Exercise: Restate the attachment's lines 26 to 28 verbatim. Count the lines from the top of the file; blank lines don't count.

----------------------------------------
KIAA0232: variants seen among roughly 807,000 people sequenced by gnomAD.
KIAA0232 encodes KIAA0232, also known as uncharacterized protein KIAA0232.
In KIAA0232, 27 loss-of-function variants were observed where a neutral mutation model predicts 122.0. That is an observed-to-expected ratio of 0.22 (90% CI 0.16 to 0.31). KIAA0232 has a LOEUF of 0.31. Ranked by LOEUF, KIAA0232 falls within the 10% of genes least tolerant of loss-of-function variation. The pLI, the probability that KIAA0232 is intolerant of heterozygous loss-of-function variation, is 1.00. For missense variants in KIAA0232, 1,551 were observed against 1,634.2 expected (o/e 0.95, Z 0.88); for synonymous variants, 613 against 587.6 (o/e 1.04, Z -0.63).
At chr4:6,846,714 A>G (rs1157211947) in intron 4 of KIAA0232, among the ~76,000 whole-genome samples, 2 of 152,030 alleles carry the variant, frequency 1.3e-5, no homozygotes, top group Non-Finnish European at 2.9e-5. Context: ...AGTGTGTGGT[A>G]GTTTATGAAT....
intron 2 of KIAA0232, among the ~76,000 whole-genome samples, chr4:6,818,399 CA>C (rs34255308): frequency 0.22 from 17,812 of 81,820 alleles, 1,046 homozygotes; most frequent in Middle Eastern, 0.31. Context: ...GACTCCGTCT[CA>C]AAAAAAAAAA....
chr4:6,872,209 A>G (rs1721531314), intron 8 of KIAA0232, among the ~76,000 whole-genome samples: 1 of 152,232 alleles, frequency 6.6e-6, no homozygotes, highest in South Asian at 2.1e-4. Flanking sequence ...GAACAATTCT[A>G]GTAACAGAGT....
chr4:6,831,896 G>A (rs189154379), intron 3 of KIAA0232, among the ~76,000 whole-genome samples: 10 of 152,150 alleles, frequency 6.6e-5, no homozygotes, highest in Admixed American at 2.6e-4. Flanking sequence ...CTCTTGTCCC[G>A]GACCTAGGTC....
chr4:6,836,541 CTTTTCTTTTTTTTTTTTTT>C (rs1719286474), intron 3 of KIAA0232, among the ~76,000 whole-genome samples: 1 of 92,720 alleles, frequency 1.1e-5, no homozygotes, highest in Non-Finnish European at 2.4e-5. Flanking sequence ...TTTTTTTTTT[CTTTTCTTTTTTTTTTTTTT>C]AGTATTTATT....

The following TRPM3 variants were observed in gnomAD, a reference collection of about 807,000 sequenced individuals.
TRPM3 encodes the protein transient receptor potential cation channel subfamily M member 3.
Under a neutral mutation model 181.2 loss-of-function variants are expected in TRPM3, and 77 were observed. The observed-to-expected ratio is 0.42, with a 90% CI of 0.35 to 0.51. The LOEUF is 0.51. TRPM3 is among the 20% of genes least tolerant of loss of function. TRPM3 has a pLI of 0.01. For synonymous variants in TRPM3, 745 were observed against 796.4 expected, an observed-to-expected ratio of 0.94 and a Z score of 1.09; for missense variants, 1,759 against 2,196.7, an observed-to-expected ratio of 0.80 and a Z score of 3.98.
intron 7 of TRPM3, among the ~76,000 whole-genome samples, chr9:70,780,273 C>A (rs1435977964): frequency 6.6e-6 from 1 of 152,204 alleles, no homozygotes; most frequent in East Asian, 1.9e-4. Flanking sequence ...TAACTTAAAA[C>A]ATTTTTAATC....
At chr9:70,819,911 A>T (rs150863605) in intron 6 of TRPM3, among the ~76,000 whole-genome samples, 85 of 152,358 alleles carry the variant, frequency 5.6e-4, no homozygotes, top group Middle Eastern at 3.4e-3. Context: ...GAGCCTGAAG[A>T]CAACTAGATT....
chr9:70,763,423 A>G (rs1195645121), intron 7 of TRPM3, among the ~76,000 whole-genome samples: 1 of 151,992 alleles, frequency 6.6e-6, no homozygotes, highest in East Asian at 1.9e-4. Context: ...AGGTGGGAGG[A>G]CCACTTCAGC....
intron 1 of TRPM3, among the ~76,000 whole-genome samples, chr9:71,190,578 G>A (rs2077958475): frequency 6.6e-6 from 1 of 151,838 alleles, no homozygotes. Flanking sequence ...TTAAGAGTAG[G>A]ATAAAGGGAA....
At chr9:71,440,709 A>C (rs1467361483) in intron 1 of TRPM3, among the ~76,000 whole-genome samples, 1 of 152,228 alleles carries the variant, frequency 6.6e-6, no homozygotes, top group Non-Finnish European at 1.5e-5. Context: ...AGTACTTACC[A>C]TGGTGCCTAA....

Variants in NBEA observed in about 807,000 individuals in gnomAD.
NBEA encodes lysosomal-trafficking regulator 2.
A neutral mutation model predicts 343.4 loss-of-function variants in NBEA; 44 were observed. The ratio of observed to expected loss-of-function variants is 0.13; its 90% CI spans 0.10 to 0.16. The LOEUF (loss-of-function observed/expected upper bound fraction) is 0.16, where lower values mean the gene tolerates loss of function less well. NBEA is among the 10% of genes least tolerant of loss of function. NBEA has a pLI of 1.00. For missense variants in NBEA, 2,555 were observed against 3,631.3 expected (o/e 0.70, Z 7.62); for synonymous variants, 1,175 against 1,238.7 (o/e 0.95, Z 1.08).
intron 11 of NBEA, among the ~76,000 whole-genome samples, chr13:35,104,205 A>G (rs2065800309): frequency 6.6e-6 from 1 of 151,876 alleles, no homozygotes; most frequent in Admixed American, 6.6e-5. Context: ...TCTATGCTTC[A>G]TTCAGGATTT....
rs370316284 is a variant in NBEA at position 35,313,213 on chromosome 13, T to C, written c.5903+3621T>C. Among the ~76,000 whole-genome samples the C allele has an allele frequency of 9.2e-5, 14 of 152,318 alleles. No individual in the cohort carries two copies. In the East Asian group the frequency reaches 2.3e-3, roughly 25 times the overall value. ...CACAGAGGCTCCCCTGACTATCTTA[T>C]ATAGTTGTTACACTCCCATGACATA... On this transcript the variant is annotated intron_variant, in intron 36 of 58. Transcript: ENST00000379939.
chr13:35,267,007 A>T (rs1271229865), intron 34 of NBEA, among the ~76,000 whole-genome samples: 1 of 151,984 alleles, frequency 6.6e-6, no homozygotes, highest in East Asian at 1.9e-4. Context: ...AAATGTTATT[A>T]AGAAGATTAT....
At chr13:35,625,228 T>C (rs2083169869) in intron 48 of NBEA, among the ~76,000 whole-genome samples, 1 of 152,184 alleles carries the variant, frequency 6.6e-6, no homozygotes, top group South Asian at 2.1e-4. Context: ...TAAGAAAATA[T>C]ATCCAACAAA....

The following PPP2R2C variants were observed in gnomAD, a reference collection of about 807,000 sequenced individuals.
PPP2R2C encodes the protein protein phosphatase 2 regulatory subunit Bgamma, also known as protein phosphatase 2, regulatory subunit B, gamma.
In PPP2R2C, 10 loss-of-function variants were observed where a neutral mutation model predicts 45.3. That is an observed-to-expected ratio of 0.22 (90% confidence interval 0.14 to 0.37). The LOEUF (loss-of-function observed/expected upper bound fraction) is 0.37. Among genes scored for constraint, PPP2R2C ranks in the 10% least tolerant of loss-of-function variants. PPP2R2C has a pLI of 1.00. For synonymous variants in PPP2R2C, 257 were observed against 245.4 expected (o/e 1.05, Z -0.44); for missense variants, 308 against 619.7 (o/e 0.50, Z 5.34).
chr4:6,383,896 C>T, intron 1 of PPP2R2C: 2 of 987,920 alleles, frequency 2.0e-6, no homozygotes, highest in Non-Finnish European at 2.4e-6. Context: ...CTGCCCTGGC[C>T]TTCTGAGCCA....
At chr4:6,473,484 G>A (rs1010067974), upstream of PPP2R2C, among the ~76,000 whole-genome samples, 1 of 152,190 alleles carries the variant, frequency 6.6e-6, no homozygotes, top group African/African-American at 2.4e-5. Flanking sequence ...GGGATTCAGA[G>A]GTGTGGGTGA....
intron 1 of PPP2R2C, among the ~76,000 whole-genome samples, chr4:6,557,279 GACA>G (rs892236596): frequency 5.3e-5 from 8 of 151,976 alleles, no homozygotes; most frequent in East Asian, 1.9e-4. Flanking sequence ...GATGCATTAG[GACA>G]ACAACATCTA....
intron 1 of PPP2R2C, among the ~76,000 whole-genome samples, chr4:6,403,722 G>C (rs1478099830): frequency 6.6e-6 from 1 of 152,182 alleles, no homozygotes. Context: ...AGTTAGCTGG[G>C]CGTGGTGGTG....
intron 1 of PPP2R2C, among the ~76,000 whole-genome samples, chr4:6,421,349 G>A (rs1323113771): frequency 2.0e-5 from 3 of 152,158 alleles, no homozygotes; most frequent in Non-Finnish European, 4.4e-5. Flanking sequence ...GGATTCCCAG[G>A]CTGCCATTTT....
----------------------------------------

In PPP2R2C, 10 loss-of-function variants were observed where a neutral mutation model predicts 45.3. That is an observed-to-expected ratio of 0.22 (90% confidence interval 0.14 to 0.37). The LOEUF (loss-of-function observed/expected upper bound fraction) is 0.37. Among genes scored for constraint, PPP2R2C ranks in the 10% least tolerant of loss-of-function variants. PPP2R2C has a pLI of 1.00. For synonymous variants in PPP2R2C, 257 were observed against 245.4 expected (o/e 1.05, Z -0.44); for missense variants, 308 against 619.7 (o/e 0.50, Z 5.34).
chr4:6,383,896 C>T, intron 1 of PPP2R2C: 2 of 987,920 alleles, frequency 2.0e-6, no homozygotes, highest in Non-Finnish European at 2.4e-6. Context: ...CTGCCCTGGC[C>T]TTCTGAGCCA....
At chr4:6,473,484 G>A (rs1010067974), upstream of PPP2R2C, among the ~76,000 whole-genome samples, 1 of 152,190 alleles carries the variant, frequency 6.6e-6, no homozygotes, top group African/African-American at 2.4e-5. Flanking sequence ...GGGATTCAGA[G>A]GTGTGGGTGA....